Empire, Education, and Indigenous Childhoods: Nineteenth-Century Missionary Infant Schools in Three British Colonies
Taking up a little-known story of education, schooling, and missionary endeavor, Helen May, Baljit Kaur, and Larry Prochner focus on the experiences of very young ’native’ children in three British colonies. In missionary settlements across the northern part of the North Island of New Zealand, Upper Canada, and British-controlled India, experimental British ventures for placing young children of the poor in infant schools were simultaneously transported to and adopted for all three colonies. From the 1820s to the 1850s, this transplantation of Britain’s infant schools to its distant colonies was deemed a radical and enlightened tool that was meant to hasten the conversion of 'heathen' peoples by missionaries to Christianity and to European modes of civilization. The intertwined legacies of European exploration, enlightenment ideals, education, and empire building, the authors argue, provided a springboard for British colonial and missionary activity across the globe during the nineteenth century. Informed by archival research and focused on the shared as well as unique aspects of the infant schools’ colonial experience, Empire, Education, and Indigenous Childhoods illuminates both the pervasiveness of missionary education and the diverse contexts in which its attendant ideals were applied.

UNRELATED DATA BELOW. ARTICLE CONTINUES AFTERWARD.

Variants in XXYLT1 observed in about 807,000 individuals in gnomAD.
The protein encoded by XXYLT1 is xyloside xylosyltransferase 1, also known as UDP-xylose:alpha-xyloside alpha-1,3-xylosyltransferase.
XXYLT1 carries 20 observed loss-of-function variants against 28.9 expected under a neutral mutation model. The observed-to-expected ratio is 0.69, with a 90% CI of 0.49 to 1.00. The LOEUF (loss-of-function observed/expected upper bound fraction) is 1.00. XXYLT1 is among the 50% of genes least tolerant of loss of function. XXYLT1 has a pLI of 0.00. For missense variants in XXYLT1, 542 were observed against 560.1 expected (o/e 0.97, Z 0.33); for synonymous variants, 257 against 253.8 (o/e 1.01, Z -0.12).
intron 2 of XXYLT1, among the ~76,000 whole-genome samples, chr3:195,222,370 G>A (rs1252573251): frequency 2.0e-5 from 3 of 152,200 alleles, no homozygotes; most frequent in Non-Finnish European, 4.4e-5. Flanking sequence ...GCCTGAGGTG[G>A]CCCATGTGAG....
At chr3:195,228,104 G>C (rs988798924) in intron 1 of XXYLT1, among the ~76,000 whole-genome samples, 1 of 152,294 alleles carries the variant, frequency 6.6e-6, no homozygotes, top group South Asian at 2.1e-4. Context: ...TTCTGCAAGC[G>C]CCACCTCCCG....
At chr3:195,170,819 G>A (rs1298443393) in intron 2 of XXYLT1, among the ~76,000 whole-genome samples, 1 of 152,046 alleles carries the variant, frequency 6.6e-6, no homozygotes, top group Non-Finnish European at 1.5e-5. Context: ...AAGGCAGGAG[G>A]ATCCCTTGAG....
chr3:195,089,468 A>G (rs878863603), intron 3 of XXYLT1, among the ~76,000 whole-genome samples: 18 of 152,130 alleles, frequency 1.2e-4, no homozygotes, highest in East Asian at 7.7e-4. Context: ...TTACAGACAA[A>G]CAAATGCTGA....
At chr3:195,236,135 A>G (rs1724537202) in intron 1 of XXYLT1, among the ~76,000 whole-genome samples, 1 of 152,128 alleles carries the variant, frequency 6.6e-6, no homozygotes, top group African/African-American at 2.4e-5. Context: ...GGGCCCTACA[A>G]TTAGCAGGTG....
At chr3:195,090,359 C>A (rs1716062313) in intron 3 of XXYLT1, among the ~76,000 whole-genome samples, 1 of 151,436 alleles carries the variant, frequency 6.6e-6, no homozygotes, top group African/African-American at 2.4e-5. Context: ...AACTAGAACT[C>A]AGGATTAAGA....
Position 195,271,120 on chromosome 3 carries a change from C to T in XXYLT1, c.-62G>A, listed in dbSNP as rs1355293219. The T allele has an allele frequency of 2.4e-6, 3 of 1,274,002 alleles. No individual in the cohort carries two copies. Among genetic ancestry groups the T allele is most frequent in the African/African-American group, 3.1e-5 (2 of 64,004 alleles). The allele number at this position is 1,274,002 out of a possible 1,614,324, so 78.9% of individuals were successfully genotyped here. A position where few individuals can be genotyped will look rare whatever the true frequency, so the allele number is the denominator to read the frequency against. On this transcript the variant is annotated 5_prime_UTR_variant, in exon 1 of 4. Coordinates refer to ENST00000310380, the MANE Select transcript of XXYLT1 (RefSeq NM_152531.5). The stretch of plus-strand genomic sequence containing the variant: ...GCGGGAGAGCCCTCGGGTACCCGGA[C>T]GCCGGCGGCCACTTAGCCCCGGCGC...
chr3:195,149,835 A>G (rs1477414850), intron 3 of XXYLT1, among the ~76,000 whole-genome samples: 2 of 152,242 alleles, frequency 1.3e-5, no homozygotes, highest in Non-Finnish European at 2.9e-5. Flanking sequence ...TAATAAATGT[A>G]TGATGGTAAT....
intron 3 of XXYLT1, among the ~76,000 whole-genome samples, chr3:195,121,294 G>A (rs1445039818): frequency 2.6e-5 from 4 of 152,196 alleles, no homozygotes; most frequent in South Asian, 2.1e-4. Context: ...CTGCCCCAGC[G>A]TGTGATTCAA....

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Aboriginal adults American attended Auckland Bambridge Bengal Betsey Stockton Bishop boys Britain British Calcutta Canadian Chapter child Christian Guardian Church Missionary civilization colonial Committee contexts converts cultural described discipline Dunedin Early Childhood Empire England English Enlightenment established European evangelical female gallery girls Grape Island heathen Henry History Hocken Collections Hooghly Ibid ideas Imperial India Indigenous Childhoods infant education infant school Infant School Society infant system James John Journal Kindergarten L.B. Seeley Lanark language learning lessons literacy Mackenzie Maori Māori children Marianne Matthews Methodist mission schools missionary infant schools Missionary Society native Ngā Puhi nineteenth century Owen’s Paihia Pākehā parents Philadelphia Phrenology playground practice Public Instruction Quoted Report Robert Owen Samuel Wilderspin settlement social swing Taoka o Hakena teachers teaching Toronto Uare Taoka University of Otago University Press Upper Canada Waimate Waimate Mission Wellington William Wilson women York young children Zealand